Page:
In the past, Aventis scientists were project-focused: they did a project and moved on to the next. As a result there was no cross-project transfer of learning. Functions enable knowledge capture and transfer, but their focus is naturally functional excellence, albeit global. Site-specific disease groups similarly limit knowledge capture and deployment to their respective disease groups. The limited cross project transfer of knowledge led to a context where ‘targets’, the focus of CB, were typically not tracked.


IV. Introduction of CB Platforms in Drug Development


Early discussions


CB at Aventis was the first implementation in large pharma, and it did not happen overnight. Over a period of three to four years, prior to the introduction of CB platform, discussions among very senior R&D managers focused on the gaps in the then prevalent drug discovery approaches. By 2000, this group had arrived at the conclusion that the links between structural biology and chemistry remained a major gap, and the trial and error approach can be improved by the deepening the knowledge of ‘chemical biology.’ This conclusion was imbued with a sense of urgency when it became clear that Craig Venter and others had arrived at an incredible breakthrough in the human genome project. Douglas in one of two keynote addresses at the 2000 Drug Discovery Forum & Technology forum in Boston decided to commit Aventis to the application of chemical biology, as one way to take advantage of the potential classes of targets that were implied in the other keynote address that was presented by Craig Venter.


Management strategy


After the initial decision to commit to CB approach, the task of crafting a management strategy to implement this approach began. Although the senior leaders had a clear conception of what CB should do, the rank and file scientists who would actually be developing the scientific concepts, models and methods of CB were not privileged to be part of these early deliberations. An initial decision was to appoint a leader for the initiative. The chosen leader of the CB initiative was a long-term insider, a well respected scientist, with global experience, and strong interest in philosophy and innovation.
A first approach to sparking the interest of the scientists met with mixed results. A kick off meeting on CB with 25 promising Aventis scientists was held in Germany with the help of two McKenzie consultants in the fall of 2000. There was no real excitement and a lot of skepticism: Unlike the senior managers, they did not see much value in the new approach. The leader of the CB initiative initially considered the meeting to be a disaster: It was “scary” to hear such skepticism from young scientists.
Out of these early experiences, deliberations and other concurrent initiatives being implemented in the Aventis organization emerged a management strategy that was built upon three major anchors: (1) Incremental or pilot approach; (2) Project focused science; (3) The concept of virtual platform.


1. Incremental approach


This approach was a direct outgrowth of the experiences with other organizational changes that Douglas had introduced in some of the Aventis predecessor companies.. The skepticism of scientists convinced the senior R&D managers that rather than adopting an organization-wide approach, it may be necessary to adopt a slower, incremental approach to introduce and build the CB initiative on a pilot basis The pilot approach involved starting with a small group of scientists focused on a specific set of projects, and over time following up with several other projects. It was easier to locate a small number of enthusiastic scientists within the corporation, and their successes, both scientific and organizational, would ensure the interest of others.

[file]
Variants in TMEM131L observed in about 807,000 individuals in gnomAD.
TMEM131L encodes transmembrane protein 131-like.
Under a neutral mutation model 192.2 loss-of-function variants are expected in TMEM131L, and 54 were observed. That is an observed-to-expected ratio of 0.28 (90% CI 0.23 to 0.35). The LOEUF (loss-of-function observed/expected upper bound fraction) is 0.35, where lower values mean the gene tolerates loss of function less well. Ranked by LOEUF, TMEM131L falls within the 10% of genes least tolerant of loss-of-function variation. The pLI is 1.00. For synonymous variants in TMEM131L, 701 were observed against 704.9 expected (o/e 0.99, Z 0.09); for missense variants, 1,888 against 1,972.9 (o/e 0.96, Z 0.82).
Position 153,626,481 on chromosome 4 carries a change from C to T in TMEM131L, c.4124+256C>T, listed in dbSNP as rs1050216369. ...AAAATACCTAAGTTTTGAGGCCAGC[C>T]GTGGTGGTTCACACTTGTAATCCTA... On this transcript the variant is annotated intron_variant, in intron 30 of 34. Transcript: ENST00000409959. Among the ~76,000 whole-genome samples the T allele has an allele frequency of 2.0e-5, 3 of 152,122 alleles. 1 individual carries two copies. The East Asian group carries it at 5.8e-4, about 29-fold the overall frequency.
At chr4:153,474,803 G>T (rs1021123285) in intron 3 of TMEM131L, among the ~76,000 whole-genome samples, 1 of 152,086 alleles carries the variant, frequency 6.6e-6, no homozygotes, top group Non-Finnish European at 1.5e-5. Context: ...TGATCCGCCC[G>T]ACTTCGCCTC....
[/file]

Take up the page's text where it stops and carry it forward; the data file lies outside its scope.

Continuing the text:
Over the period of two years, Aventis launched four CB platforms: 1) Kinase, 2) G Protein Coupled Receptors (GPCRs), 3) Protease and 4) Ion channels and transporters.

2. Project-focused science


As we saw in the conception of CB, the scientific challenges involved were interdisciplinary lying in the intersection of chemistry and biology; thus, CB involved scientific work requiring removal of the basic/applied science divide. The focus was on rapid learning and knowledge development, through leveraging results of experiments on specific members of a class to determine applicability or reason for differences in results with other members in the class. Such knowledge should improve the predictability of finding good lead compounds for members of the target family (Kinase, GPCRs, Protease, or Ion channel and Transporter). The senior managers chose to focus this CB approach on the support of the work of ongoing project teams to ensure that ‘better compounds, faster’ are produced. This approach involved keeping the effectiveness of drug development at the center stage, and developing CB initiative as a means to enhance the business objective.
During the early stages, covered by the study, the CB platforms initiated focused on the performance of lead (compound) discovery and generation, the earlier stages of drug development. The expectation was that CB platforms should be able to demonstrate results in the short run with respect to the speed and efficacy of lead generation. The choices of the platform were guided by the extent to which they were likely to facilitate drug discovery. Indeed all the four platforms accounted for over 60 % of compounds produced within the company in the 4 years following their introduction. The initiatives that fell outside of Aventis’s main projects were not covered by this approach.